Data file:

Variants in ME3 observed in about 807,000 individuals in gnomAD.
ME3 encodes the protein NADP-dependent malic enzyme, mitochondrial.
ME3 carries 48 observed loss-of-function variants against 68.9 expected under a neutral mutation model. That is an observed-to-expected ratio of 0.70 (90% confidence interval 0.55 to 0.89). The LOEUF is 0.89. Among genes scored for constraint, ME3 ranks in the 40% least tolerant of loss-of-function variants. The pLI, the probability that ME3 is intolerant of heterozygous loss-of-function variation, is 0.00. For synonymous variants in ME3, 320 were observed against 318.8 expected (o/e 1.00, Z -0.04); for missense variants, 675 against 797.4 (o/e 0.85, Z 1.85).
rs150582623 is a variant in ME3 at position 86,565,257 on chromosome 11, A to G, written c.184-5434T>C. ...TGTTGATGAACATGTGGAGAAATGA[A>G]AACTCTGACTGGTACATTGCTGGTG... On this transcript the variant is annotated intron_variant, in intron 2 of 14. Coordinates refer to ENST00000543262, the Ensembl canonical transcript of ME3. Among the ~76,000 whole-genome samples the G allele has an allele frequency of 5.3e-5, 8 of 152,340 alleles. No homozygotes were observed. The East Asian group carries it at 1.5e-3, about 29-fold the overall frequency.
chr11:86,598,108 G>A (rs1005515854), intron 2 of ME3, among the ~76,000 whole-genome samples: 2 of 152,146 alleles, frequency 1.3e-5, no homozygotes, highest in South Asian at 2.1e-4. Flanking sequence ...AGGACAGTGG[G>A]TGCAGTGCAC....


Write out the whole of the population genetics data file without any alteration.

Variants in ME3 observed in about 807,000 individuals in gnomAD.
ME3 encodes the protein NADP-dependent malic enzyme, mitochondrial.
ME3 carries 48 observed loss-of-function variants against 68.9 expected under a neutral mutation model. That is an observed-to-expected ratio of 0.70 (90% confidence interval 0.55 to 0.89). The LOEUF is 0.89. Among genes scored for constraint, ME3 ranks in the 40% least tolerant of loss-of-function variants. The pLI, the probability that ME3 is intolerant of heterozygous loss-of-function variation, is 0.00. For synonymous variants in ME3, 320 were observed against 318.8 expected (o/e 1.00, Z -0.04); for missense variants, 675 against 797.4 (o/e 0.85, Z 1.85).
rs150582623 is a variant in ME3 at position 86,565,257 on chromosome 11, A to G, written c.184-5434T>C. ...TGTTGATGAACATGTGGAGAAATGA[A>G]AACTCTGACTGGTACATTGCTGGTG... On this transcript the variant is annotated intron_variant, in intron 2 of 14. Coordinates refer to ENST00000543262, the Ensembl canonical transcript of ME3. Among the ~76,000 whole-genome samples the G allele has an allele frequency of 5.3e-5, 8 of 152,340 alleles. No homozygotes were observed. The East Asian group carries it at 1.5e-3, about 29-fold the overall frequency.
chr11:86,598,108 G>A (rs1005515854), intron 2 of ME3, among the ~76,000 whole-genome samples: 2 of 152,146 alleles, frequency 1.3e-5, no homozygotes, highest in South Asian at 2.1e-4. Flanking sequence ...AGGACAGTGG[G>A]TGCAGTGCAC....